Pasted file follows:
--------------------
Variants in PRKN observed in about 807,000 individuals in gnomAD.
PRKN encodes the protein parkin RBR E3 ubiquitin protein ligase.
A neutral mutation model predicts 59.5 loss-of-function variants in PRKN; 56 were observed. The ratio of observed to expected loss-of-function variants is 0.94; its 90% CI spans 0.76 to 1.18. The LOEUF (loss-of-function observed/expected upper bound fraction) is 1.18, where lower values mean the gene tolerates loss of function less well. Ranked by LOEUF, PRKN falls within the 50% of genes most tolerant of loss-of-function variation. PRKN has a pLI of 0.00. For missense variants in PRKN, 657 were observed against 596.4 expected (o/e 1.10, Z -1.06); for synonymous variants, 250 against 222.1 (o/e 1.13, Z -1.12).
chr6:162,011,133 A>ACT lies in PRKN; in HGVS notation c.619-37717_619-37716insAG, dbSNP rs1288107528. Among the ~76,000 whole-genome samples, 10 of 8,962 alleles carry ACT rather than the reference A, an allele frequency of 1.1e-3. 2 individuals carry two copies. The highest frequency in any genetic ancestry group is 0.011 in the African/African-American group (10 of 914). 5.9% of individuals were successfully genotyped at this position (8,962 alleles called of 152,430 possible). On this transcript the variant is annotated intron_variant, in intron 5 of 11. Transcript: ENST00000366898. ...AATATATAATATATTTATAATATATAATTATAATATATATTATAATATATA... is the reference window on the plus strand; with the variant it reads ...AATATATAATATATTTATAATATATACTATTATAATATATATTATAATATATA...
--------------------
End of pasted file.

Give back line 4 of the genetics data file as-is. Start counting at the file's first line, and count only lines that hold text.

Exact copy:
chr6:162,011,133 A>ACT lies in PRKN; in HGVS notation c.619-37717_619-37716insAG, dbSNP rs1288107528. Among the ~76,000 whole-genome samples, 10 of 8,962 alleles carry ACT rather than the reference A, an allele frequency of 1.1e-3. 2 individuals carry two copies. The highest frequency in any genetic ancestry group is 0.011 in the African/African-American group (10 of 914). 5.9% of individuals were successfully genotyped at this position (8,962 alleles called of 152,430 possible). On this transcript the variant is annotated intron_variant, in intron 5 of 11. Transcript: ENST00000366898. ...AATATATAATATATTTATAATATATAATTATAATATATATTATAATATATA... is the reference window on the plus strand; with the variant it reads ...AATATATAATATATTTATAATATATACTATTATAATATATATTATAATATATA...